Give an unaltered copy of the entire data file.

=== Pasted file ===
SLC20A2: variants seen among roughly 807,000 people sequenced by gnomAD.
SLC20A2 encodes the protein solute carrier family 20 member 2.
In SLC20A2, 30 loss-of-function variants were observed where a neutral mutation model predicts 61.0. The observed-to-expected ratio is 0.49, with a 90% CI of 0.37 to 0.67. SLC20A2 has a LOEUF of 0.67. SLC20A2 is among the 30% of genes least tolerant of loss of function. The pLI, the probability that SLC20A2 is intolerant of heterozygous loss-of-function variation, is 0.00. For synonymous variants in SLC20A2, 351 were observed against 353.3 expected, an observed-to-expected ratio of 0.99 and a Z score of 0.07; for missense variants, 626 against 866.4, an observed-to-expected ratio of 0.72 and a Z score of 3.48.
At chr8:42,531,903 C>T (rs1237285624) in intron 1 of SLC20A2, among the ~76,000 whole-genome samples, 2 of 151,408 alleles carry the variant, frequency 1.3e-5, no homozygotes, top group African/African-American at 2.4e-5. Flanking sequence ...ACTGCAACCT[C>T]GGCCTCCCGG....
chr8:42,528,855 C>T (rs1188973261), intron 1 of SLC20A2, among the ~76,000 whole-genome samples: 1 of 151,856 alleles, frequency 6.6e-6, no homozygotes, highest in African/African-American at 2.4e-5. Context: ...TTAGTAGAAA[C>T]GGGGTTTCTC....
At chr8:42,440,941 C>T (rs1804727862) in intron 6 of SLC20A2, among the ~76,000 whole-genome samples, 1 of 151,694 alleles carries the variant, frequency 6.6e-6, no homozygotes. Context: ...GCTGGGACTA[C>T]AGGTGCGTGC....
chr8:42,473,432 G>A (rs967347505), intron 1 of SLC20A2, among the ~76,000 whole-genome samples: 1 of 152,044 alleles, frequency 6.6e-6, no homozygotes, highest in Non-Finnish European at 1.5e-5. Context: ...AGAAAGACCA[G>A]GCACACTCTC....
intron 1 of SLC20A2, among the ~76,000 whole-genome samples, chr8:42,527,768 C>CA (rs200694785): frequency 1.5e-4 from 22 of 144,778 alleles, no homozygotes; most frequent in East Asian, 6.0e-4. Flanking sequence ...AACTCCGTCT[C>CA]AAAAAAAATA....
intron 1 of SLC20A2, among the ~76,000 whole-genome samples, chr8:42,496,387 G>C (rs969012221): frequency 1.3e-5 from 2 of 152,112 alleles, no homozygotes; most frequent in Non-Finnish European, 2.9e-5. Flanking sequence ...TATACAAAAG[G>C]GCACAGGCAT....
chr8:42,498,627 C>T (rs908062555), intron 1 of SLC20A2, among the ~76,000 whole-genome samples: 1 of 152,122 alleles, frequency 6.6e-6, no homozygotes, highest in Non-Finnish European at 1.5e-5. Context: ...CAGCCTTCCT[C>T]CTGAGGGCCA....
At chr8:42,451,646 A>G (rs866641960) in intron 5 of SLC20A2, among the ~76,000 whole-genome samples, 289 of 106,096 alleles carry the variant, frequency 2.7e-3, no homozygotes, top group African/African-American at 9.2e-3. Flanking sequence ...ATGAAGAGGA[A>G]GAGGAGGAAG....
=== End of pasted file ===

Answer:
SLC20A2: variants seen among roughly 807,000 people sequenced by gnomAD.
SLC20A2 encodes the protein solute carrier family 20 member 2.
In SLC20A2, 30 loss-of-function variants were observed where a neutral mutation model predicts 61.0. The observed-to-expected ratio is 0.49, with a 90% CI of 0.37 to 0.67. SLC20A2 has a LOEUF of 0.67. SLC20A2 is among the 30% of genes least tolerant of loss of function. The pLI, the probability that SLC20A2 is intolerant of heterozygous loss-of-function variation, is 0.00. For synonymous variants in SLC20A2, 351 were observed against 353.3 expected, an observed-to-expected ratio of 0.99 and a Z score of 0.07; for missense variants, 626 against 866.4, an observed-to-expected ratio of 0.72 and a Z score of 3.48.
At chr8:42,531,903 C>T (rs1237285624) in intron 1 of SLC20A2, among the ~76,000 whole-genome samples, 2 of 151,408 alleles carry the variant, frequency 1.3e-5, no homozygotes, top group African/African-American at 2.4e-5. Flanking sequence ...ACTGCAACCT[C>T]GGCCTCCCGG....
chr8:42,528,855 C>T (rs1188973261), intron 1 of SLC20A2, among the ~76,000 whole-genome samples: 1 of 151,856 alleles, frequency 6.6e-6, no homozygotes, highest in African/African-American at 2.4e-5. Context: ...TTAGTAGAAA[C>T]GGGGTTTCTC....
At chr8:42,440,941 C>T (rs1804727862) in intron 6 of SLC20A2, among the ~76,000 whole-genome samples, 1 of 151,694 alleles carries the variant, frequency 6.6e-6, no homozygotes. Context: ...GCTGGGACTA[C>T]AGGTGCGTGC....
chr8:42,473,432 G>A (rs967347505), intron 1 of SLC20A2, among the ~76,000 whole-genome samples: 1 of 152,044 alleles, frequency 6.6e-6, no homozygotes, highest in Non-Finnish European at 1.5e-5. Context: ...AGAAAGACCA[G>A]GCACACTCTC....
intron 1 of SLC20A2, among the ~76,000 whole-genome samples, chr8:42,527,768 C>CA (rs200694785): frequency 1.5e-4 from 22 of 144,778 alleles, no homozygotes; most frequent in East Asian, 6.0e-4. Flanking sequence ...AACTCCGTCT[C>CA]AAAAAAAATA....
intron 1 of SLC20A2, among the ~76,000 whole-genome samples, chr8:42,496,387 G>C (rs969012221): frequency 1.3e-5 from 2 of 152,112 alleles, no homozygotes; most frequent in Non-Finnish European, 2.9e-5. Flanking sequence ...TATACAAAAG[G>C]GCACAGGCAT....
chr8:42,498,627 C>T (rs908062555), intron 1 of SLC20A2, among the ~76,000 whole-genome samples: 1 of 152,122 alleles, frequency 6.6e-6, no homozygotes, highest in Non-Finnish European at 1.5e-5. Context: ...CAGCCTTCCT[C>T]CTGAGGGCCA....
At chr8:42,451,646 A>G (rs866641960) in intron 5 of SLC20A2, among the ~76,000 whole-genome samples, 289 of 106,096 alleles carry the variant, frequency 2.7e-3, no homozygotes, top group African/African-American at 9.2e-3. Flanking sequence ...ATGAAGAGGA[A>G]GAGGAGGAAG....